How to build and grow a private Facebook group
With so much talk about Facebook marketing these days, one realm of the Facebook world that flies WELL below the radar is Facebook groups.
Remember those? Smaller groups of fans, customers, vendors, or employees that can be public, private or secret? Groups that are usually bound by some kind of common bond. Groups that can be fairly intimate–especially the secret ones.
I’m a part of a number of Facebook groups, but the one I’m most active in (and it’s not even close) is the Solo PR group.
It’s a closed group and it’s part of your Solo PR Pro membership.
And, what Solo PR Pro founder, Kellye Crane, and Karen Swim have done with this group is nothing short of outstanding.
They’ve nurtured and fed a group that I know many consider a “must visit” each day. In fact, let’s ask some of the “power users” of the group what they find most valuable about it:
Jennifer Donovan, solo PR pro, San Francisco
“I’ve always been a communicator, a collaborator, a brainstorm-lover. Gathering colleagues with different backgrounds and perspectives to come up with creative ideas and new approaches, as well as be challenged, has always been a value-add of working inside an agency or corporation. When I launched my consulting company, Nova Communications (www.nova-comms.com), there was a bit of a void in terms of that collaboration and camaraderie. When I stumbled upon the #SoloPR Twitter chat, I was instantly drawn in. I found the conversations smart, thought-provoking and insightful. It didn’t take me long to join the SoloPR Pro and get access to the private Facebook group. The participants are incredible, from all areas of the country, bringing varying backgrounds, experiences and client industry expertise. A question never goes unanswered. A request for opinion is always approached with thoughtful response. These folks are smart, and always willing to help out a fellow solo pro. I’ve come to view these folks as my virtual colleagues and have quickly become a more successful solo consultant as a result. Their support and advice have been invaluable and I look forward to working with each of them in some capacity this year.”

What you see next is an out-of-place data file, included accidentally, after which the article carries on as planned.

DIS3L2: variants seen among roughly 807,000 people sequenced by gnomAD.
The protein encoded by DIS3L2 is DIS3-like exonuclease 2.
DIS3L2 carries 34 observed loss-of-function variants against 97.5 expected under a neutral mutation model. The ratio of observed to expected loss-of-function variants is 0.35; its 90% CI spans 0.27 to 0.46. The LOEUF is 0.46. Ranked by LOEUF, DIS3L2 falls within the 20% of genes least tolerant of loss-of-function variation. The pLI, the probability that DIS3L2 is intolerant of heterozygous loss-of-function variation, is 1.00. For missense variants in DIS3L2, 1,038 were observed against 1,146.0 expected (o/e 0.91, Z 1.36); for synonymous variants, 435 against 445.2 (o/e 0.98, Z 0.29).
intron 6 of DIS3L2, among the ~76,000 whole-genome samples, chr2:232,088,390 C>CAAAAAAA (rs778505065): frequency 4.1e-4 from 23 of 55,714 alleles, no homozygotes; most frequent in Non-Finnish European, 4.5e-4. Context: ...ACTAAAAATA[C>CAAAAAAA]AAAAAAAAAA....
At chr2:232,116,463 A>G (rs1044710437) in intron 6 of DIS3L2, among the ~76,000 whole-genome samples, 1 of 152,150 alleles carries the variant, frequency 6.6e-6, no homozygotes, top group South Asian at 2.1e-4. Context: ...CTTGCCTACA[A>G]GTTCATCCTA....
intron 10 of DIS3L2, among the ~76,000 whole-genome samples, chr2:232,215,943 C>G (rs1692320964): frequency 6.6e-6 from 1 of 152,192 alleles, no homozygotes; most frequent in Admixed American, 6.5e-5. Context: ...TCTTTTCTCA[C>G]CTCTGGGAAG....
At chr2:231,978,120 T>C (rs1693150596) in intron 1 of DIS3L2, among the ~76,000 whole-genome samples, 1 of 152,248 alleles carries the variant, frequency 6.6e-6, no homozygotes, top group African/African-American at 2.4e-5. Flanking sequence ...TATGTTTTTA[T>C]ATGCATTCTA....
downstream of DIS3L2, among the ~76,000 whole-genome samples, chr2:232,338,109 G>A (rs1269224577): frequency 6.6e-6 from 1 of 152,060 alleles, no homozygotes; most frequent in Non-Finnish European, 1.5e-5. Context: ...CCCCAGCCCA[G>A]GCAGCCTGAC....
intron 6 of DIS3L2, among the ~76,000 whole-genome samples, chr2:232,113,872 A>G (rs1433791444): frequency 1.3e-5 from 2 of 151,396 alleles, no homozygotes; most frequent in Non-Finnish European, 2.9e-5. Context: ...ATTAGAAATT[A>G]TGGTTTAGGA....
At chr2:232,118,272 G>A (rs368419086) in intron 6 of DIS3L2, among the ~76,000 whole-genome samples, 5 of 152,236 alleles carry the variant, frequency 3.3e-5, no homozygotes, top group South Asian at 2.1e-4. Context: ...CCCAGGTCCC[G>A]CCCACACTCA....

Greg Brooks, solo PR pro, Las Vegas
“Unlike many, I don’t miss the camaraderie of an office or painful brainstorming sessions that felt more like dragging algebra answers out of eighth graders. But I *do* like hearing about others’ business models, plans and growth — that’s energizing and it makes me think about my own business. That’s what the SoloPR community delivers for me.”
Daria Steigman, solo PR pro, Washington, D.C.
“It’s actually the only thing that gets me to look at FB regularly. I think it’s twofold: (1) the opportunity to give back (since I’ve been in biz so long, a lot of lessons learned); (2) the community (a little bit of water-cooler conversation — which I’ve pretty much never had IRL). And by doing 1 and being a part of 2, I know people will help me when I have a question or a dilemma I want to bring to the group.”
“Camaraderie, stress relief, feeling that someone in there has been through what I’m going through and has an answer.”
So, how did Crane and Swim do it? What’s the special sauce here? I think a few factors are in play: